Crunching Numbers: Quantifying the Sustainable Development Co-Benefits of Mexico's Climate Commitments

The government of Mexico has set a new tone in domestic political discussions by bringing forward an ambitious social and economic development agenda – putting development ambitions and people of all social and economic backgrounds in the centre of the debate. At the same time, Mexico’s government has reaffirmed its continuing international commitment to combat global warming with determined national climate action.

Indeed, the 2015 Paris Agreement marked a milestone in the international response to combat climate change and ensure worldwide adaptation to its effects. As part of the accord, all Parties are required to present Nationally Determined Contributions (NDCs) outlining their efforts to mitigate greenhouse gas (GHG) emissions, with the objective to jointly limit the mean global temperature increase to 1.5 – 2°C relative to preindustrial levels. The NDCs include a wide range of necessary measures, from economy-wide to sector-specific targets and policies and are meant to be revised and strengthened in the years ahead. Signatories report regularly on their mitigation and adaptation efforts, a key obligation to provide greater transparency of national action and international progress (UNFCCC, 2018).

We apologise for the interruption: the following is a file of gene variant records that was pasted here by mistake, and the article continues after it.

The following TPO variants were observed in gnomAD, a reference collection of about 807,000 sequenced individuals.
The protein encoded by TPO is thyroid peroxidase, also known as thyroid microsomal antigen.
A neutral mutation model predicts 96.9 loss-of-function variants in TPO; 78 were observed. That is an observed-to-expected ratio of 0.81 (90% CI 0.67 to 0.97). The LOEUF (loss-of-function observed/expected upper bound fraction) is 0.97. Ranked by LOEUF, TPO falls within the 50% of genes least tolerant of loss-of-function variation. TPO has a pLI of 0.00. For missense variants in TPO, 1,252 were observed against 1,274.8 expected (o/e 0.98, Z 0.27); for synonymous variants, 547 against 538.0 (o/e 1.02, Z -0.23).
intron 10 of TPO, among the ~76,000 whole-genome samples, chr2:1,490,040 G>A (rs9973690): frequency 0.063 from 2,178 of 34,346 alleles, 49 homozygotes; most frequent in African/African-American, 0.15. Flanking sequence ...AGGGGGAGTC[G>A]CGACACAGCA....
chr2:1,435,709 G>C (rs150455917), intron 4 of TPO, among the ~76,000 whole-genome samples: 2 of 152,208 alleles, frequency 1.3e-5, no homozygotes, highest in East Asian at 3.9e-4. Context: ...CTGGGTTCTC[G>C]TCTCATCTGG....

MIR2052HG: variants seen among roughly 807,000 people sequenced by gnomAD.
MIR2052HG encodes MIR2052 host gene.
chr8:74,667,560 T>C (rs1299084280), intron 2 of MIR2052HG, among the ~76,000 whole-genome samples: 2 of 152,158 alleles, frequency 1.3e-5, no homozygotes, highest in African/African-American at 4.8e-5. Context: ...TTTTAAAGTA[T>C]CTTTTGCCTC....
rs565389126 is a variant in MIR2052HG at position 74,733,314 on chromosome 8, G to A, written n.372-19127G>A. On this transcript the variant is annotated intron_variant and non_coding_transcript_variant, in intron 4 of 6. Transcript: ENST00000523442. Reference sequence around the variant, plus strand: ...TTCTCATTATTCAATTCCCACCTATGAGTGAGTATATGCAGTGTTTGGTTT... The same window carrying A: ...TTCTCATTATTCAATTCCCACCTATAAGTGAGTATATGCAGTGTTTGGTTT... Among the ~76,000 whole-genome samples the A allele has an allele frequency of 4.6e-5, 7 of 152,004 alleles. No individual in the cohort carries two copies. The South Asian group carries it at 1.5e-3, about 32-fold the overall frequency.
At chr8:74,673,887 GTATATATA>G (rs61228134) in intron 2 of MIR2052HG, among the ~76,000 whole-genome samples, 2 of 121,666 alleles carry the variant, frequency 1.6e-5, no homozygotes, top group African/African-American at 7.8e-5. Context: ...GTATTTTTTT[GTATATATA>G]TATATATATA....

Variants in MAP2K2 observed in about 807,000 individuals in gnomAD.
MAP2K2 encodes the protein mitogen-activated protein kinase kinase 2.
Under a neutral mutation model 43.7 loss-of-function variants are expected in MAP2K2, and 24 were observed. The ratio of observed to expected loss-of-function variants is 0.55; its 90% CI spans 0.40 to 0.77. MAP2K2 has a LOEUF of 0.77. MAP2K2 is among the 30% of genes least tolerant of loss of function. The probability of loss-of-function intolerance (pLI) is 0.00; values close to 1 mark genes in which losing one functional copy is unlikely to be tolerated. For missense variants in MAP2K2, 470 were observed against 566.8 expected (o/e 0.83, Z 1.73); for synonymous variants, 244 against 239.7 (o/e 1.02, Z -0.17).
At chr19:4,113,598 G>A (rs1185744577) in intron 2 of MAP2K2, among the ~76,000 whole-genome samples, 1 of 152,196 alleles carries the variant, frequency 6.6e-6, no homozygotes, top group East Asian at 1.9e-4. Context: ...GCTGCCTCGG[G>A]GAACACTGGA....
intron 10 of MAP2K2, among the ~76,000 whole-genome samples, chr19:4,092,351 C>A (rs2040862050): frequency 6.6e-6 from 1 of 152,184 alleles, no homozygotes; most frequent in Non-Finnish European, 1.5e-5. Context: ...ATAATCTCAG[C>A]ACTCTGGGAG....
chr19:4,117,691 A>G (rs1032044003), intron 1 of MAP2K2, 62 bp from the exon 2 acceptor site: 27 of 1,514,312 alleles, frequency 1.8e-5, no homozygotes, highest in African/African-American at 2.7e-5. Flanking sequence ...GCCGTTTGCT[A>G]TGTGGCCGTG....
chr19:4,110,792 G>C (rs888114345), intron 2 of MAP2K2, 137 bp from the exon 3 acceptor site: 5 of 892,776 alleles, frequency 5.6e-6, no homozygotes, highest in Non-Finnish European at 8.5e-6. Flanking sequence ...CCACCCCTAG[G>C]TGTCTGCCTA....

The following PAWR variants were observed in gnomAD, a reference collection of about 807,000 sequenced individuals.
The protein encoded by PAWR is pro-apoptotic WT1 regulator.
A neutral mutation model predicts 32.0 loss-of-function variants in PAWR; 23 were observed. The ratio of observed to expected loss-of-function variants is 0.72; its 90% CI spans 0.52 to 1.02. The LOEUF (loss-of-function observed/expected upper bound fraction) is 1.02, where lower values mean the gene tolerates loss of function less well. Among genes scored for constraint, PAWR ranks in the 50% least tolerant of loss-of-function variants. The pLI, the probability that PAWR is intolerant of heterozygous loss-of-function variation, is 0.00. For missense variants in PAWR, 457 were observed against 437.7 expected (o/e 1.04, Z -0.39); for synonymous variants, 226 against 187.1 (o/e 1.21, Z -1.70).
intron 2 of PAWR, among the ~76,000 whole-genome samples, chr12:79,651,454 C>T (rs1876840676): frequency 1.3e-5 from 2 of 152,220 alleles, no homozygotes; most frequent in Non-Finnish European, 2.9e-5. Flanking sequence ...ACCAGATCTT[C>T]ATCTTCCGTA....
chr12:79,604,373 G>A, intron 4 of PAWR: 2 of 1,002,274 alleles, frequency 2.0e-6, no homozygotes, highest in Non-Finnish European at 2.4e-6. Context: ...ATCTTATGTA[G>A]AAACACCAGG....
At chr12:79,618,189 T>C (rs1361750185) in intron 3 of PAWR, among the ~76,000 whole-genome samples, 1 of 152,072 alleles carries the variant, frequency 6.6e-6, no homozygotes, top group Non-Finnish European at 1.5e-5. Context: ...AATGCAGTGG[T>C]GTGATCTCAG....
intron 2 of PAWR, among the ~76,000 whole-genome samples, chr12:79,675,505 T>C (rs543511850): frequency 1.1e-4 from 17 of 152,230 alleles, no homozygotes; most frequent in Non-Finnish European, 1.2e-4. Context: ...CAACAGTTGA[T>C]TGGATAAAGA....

While Mexico’s efforts are imperative for the future of the earth, a stable climate is also a key enabler to the country’s development. The climate change scenarios described in Mexico’s NDC predict increases in the mean annual temperature by up to 2°C in northern Mexico and between 1°C and 1.5°C for the rest of the country in the near-term (2015- 2039) (Gobierno de la República de los Estados Unidos Mexicanos, 2016). Such change will have far-reaching negative implications across ecosystems, society and the economy.

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